Plans for widespread major reforms to employment law

30 November 2011

In the last week the government has announced a huge number of changes and potential changes to employment law.  These plans come in addition to other major proposals recently announced by the coalition government (see below).

The changes put forward for further consideration and/or consultation are as follows:

  • Compulsory pre-claim conciliation.
  • Re-naming compromise agreements as “settlement agreements” and simplifying them.
  • A ‘call for evidence’ on whether the collective redundancy consultation period should be reduced.
  • A ‘call for evidence’ on the Transfer of Undertakings (Protection of Employment) Regulations 2006(TUPE).
  • A wholesale review of the Employment Tribunal Rules and Procedures.
  • The idea of a Rapid Resolution Scheme for “straightforward” claims such as for holiday pay.
  • Updating whistle-blowing laws so that complaints about breaching employment contracts are not included.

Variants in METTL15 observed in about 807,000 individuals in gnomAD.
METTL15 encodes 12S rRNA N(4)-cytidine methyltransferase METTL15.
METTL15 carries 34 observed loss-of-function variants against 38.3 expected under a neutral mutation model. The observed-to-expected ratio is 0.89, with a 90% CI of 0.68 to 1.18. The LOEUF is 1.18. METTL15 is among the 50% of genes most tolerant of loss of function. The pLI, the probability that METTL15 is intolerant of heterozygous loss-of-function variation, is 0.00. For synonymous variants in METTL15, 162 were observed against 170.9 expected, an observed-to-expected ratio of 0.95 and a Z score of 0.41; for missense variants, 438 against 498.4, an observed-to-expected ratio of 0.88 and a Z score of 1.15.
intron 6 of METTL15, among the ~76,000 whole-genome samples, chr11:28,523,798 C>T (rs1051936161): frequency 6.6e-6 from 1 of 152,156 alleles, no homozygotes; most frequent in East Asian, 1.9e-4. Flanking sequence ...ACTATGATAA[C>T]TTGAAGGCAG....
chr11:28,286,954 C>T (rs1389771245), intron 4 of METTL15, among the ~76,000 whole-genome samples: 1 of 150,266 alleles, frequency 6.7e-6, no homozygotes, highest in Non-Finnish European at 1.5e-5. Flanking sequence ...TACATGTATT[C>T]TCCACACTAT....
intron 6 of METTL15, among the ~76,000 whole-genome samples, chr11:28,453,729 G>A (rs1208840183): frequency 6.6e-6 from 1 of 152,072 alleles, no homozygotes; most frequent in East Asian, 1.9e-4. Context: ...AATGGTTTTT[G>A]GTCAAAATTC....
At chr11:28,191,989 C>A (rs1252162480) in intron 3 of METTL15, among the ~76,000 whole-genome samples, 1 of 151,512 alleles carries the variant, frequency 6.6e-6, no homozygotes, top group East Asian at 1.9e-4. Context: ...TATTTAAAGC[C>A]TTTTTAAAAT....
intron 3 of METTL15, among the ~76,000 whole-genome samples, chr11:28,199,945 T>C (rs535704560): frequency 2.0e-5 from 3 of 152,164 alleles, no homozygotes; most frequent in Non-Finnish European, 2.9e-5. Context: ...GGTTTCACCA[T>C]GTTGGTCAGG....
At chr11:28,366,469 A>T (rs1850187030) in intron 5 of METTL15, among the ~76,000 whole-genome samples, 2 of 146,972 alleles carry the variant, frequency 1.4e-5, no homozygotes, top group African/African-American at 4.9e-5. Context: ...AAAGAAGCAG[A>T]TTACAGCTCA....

• Taking Criminal Records Bureau (CRB) checks online and making them universally portable.
  • The introduction of “compensated no-fault dismissals” for micro-businesses (with 10 or fewer employees).
  • Introducing financial penalties for unsuccessful Respondents ­ on top of awards to Claimants ­ which would be payable to the Exchequer, could be based on 50% of the award and could range from £100 to £5,000 at the Tribunal’s discretion.
  • Slimming-down the dismissal process.

Much of the detail has not yet been set out and consultations will be commenced for some of these measures. We will wait and see which of these proposals make it in to law.

As a reminder, the major proposals already announced include: increasing the unfair dismissal qualifying period from one year’s to two years’ service; the introduction of varying levels of Tribunal fees and consultation on the introduction of ‘protected conversations’.

To read the latest developments from the Department for Business Innovation & Skills, please click here.